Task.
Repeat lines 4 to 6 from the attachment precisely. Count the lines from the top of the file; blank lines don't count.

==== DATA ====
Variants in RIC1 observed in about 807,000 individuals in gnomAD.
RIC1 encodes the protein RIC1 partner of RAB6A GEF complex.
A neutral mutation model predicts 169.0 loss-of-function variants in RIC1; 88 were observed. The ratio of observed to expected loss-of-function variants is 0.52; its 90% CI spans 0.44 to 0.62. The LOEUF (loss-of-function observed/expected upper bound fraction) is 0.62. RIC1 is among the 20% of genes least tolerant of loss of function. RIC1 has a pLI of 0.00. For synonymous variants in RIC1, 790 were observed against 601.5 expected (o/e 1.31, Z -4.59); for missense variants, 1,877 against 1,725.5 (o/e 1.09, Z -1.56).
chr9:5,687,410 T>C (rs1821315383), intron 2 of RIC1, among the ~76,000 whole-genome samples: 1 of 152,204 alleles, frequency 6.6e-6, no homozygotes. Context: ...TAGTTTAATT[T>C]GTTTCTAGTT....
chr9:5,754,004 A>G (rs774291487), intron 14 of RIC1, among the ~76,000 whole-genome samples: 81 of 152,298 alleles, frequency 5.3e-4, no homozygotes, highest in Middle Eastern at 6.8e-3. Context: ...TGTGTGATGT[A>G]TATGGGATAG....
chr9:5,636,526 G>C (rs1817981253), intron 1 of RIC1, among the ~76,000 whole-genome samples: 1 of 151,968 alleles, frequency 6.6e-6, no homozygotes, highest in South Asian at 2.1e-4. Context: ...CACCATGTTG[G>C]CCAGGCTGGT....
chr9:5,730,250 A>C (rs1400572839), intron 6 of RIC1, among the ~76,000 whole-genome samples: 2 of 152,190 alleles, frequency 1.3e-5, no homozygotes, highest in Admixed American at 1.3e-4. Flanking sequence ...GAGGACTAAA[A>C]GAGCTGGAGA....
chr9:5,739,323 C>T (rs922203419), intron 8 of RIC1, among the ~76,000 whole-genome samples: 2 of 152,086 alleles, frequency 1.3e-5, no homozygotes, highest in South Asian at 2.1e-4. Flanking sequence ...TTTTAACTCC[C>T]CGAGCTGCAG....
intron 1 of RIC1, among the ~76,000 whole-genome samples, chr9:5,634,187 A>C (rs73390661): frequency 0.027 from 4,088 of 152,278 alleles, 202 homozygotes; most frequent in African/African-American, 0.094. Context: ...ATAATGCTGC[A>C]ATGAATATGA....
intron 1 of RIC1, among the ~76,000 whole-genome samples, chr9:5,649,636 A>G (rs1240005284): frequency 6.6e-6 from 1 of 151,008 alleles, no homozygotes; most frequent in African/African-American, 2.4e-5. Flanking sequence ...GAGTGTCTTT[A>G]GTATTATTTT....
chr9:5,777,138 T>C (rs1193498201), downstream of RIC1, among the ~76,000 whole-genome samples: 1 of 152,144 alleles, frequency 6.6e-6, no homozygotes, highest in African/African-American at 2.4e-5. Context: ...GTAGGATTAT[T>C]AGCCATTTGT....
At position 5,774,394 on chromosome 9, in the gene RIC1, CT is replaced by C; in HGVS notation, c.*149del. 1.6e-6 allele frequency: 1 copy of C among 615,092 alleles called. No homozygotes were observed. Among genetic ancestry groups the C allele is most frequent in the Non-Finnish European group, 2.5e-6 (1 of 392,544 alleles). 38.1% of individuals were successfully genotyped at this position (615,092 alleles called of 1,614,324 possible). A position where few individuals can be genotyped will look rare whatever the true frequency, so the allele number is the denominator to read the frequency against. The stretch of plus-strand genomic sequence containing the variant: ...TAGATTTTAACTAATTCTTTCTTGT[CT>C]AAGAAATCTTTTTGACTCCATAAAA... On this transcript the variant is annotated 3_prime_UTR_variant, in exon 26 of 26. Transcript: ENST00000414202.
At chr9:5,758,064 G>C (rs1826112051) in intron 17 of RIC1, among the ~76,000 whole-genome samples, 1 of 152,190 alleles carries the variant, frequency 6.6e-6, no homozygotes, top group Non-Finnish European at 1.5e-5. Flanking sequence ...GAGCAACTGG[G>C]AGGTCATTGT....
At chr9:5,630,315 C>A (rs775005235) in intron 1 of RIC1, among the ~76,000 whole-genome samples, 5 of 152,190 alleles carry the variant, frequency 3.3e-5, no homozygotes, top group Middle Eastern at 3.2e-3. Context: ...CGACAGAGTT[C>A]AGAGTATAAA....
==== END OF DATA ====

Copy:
chr9:5,687,410 T>C (rs1821315383), intron 2 of RIC1, among the ~76,000 whole-genome samples: 1 of 152,204 alleles, frequency 6.6e-6, no homozygotes. Context: ...TAGTTTAATT[T>C]GTTTCTAGTT....
chr9:5,754,004 A>G (rs774291487), intron 14 of RIC1, among the ~76,000 whole-genome samples: 81 of 152,298 alleles, frequency 5.3e-4, no homozygotes, highest in Middle Eastern at 6.8e-3. Context: ...TGTGTGATGT[A>G]TATGGGATAG....
chr9:5,636,526 G>C (rs1817981253), intron 1 of RIC1, among the ~76,000 whole-genome samples: 1 of 151,968 alleles, frequency 6.6e-6, no homozygotes, highest in South Asian at 2.1e-4. Context: ...CACCATGTTG[G>C]CCAGGCTGGT....